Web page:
“And whoever had an abdominal injury and a tear on the abdominal muscles knows how it feels. You have to be extremely cautious. You’re worried that you’re going to reinjure it again.

“And I think that’s what we’ve seen on Wednesday. When he played against Coric, he was a little bit uncertain how the body was going to hold up. And for sure he’s going to feel better and better.

“If there’s no damage to the abdominal muscle, then he still has a week and a half to improve his health, to improve the trust also that he can extend and he can’t bend on the serve because that’s the trickiest shot, the serve and the smash.

“When that is the case, Rafa Nadal certainly can be dangerous again at the US Open. I mean, he’s so fired up at every single Grand Slam. We’ve seen this year playing the best tennis of his life. You can never, ever write him off.”

Nadal is currently undefeated at grand slams and if fit, the Spaniard will certainly fancy himself to win another seven matches at the US Open this year.

Whatever it should be interesting to see if Nadal improves before the US Open with the tournament starting on the 29th of August.

Continue Reading


Does WTA Need A Top Rivalry To Drive The Sport?

Iga Swiatek is the WTA’s dominant world number one but does she need a rival in order to drive the sport to new heights.




Iga Swiatek (@TennisHandshake - Twitter)

The WTA has a dominant world number one and a variety of talented players on the tour but the one thing it’s lacking at the moment is a top rivalry.


First of all it was supposed to be Bianca Andreescu and Naomi Osaka, then Ash Barty and Osaka and also Barty and Iga Swiatek.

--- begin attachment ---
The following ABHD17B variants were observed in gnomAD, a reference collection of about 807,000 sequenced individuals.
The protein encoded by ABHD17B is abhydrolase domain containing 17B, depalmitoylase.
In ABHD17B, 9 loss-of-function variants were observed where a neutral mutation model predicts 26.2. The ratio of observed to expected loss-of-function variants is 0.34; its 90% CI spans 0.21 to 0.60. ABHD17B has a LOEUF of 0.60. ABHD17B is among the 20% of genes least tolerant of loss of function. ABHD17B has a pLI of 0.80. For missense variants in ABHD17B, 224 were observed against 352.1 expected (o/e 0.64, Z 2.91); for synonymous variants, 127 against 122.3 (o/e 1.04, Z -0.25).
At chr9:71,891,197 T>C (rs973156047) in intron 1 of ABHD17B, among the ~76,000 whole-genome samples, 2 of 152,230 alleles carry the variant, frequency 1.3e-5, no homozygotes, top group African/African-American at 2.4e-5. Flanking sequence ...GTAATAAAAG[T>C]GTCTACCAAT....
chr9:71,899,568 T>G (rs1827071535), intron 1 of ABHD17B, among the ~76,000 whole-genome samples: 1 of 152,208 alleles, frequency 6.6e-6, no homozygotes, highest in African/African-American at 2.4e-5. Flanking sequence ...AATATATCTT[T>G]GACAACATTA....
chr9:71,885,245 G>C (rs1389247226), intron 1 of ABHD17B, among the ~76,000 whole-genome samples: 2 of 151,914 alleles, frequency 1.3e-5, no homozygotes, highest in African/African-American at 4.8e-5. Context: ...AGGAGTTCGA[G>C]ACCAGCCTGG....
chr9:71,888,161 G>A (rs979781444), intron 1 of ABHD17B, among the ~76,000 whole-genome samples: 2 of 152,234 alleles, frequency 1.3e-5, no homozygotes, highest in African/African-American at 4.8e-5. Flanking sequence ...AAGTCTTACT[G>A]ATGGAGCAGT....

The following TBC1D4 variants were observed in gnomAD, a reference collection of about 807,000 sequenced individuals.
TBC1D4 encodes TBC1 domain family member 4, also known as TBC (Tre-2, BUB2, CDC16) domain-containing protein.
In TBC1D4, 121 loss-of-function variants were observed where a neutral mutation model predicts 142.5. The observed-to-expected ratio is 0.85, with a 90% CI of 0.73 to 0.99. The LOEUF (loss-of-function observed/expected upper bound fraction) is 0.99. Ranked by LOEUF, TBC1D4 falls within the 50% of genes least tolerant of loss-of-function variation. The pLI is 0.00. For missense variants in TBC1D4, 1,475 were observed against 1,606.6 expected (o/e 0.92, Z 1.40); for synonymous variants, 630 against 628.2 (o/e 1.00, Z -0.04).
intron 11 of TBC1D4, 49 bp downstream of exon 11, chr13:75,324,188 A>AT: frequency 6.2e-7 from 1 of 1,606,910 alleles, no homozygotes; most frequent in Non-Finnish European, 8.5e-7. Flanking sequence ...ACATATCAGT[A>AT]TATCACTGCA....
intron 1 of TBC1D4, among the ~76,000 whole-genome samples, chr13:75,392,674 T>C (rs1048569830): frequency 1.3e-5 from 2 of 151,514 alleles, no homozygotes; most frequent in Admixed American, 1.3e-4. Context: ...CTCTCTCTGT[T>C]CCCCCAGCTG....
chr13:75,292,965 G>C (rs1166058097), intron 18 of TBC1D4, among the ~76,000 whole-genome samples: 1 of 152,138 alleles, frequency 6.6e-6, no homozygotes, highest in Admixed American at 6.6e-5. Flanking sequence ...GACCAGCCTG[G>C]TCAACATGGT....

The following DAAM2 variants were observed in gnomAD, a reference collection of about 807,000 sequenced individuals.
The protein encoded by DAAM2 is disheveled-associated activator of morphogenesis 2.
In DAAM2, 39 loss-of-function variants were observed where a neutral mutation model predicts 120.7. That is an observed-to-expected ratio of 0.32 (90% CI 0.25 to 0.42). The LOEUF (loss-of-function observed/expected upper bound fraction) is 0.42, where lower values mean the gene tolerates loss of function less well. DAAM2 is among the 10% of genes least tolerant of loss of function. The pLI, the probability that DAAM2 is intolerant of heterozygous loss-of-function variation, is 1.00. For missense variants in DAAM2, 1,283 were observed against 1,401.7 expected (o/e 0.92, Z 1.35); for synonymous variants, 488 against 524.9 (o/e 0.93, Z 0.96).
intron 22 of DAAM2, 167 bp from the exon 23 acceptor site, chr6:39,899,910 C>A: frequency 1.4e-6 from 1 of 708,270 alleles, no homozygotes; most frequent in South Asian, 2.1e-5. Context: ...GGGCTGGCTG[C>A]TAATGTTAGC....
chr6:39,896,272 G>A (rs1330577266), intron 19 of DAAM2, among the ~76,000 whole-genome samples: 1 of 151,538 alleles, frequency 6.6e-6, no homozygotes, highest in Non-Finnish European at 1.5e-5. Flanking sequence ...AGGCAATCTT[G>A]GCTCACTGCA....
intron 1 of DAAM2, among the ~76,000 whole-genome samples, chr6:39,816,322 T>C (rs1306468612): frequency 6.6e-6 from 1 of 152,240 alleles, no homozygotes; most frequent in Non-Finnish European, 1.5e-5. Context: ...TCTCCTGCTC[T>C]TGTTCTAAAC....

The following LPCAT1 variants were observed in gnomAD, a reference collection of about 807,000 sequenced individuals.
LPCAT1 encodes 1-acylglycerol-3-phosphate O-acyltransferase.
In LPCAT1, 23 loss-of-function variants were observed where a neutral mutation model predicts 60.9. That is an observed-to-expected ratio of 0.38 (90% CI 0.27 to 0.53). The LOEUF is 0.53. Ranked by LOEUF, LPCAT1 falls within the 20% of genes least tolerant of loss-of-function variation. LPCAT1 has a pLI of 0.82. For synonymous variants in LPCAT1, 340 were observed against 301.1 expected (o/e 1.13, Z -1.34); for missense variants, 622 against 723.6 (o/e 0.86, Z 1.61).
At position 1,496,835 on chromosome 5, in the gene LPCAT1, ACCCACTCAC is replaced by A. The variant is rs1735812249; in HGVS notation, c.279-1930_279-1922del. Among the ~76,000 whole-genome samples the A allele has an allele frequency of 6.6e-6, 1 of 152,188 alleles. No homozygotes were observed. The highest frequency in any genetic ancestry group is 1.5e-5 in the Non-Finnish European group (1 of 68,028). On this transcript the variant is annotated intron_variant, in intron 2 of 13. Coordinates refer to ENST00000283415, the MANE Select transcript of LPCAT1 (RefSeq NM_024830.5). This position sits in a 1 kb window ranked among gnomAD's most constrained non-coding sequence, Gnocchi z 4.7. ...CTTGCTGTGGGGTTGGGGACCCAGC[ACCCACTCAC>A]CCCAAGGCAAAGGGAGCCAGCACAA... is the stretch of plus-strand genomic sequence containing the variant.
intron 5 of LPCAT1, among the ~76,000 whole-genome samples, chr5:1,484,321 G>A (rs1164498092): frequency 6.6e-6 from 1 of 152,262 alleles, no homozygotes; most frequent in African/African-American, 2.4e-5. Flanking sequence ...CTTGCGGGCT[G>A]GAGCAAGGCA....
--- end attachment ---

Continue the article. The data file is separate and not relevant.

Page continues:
However none of these match-ups created a top rivalry over a long period to generate an overwhelming amount of interest.

After Barty’s shock retirement, many people were left disappointed at the fact that her and current dominant world number one Iga Swiatek could not compete for the sport’s biggest titles in a fierce rivalry.

Now Swiatek sits at the top of the WTA rankings with almost a 4,000 point lead at the top. The rest of the field are very talented and that in itself is an intriguing aspect of the WTA’s appeal.

But the one thing the women’s game lacks is a top rivalry to generate a hype that the ATP clearly has right now.

As Mark Petchey said it’s an issue that needs solving soon as every sport has one, “Rivalries drive the sport. What they do is make sure that it manifests itself in a big polarisation of a large fan base, against another one,” Petchey was quoted as saying by Tennis365.

“You look across the board, over F1, look at the tribal nature of AFL, of Premier League football here. It’s a huge part of what you need to have a successful sport. That is the one thing that is missing from the women’s tour at the moment, is a superb rivalry, with a little bit of edge.

“That’s why I say I’m sad that Ash pulled up stumps, because I think that rivalry could’ve developed with Iga in that way. Would it have been quite as intense as the Rafa-Novak and Roger-Novak rivalries? Probably not. But it would have been there. Going into every major saying that you’re not looking forward to a specific clash potentially when the draw comes out, does hurt the tour a little bit. 

“You can’t keep saying ‘oh, anyone can win it’. Because you’re just not tagging anybody… you’re not setting the scene for something amazing that’s going to happen, a nice little volcanic eruption right at the back-end of a major. They need some people to be a bit more consistent and getting through, because that’s what will be a massive driver for the WTA.”

It’s hard to argue with those points of view from Petchey as rivalries are what are talked about for decades after players have retired.

It will be interesting to see whether Swiatek will continue to dominate the rest of the field or whether someone can build a rivalry with the Pole heading into the remainder of the season.

The next big WTA event of the year will take place at the Rogers Cup in Toronto on the week of the eighth of August.

Continue Reading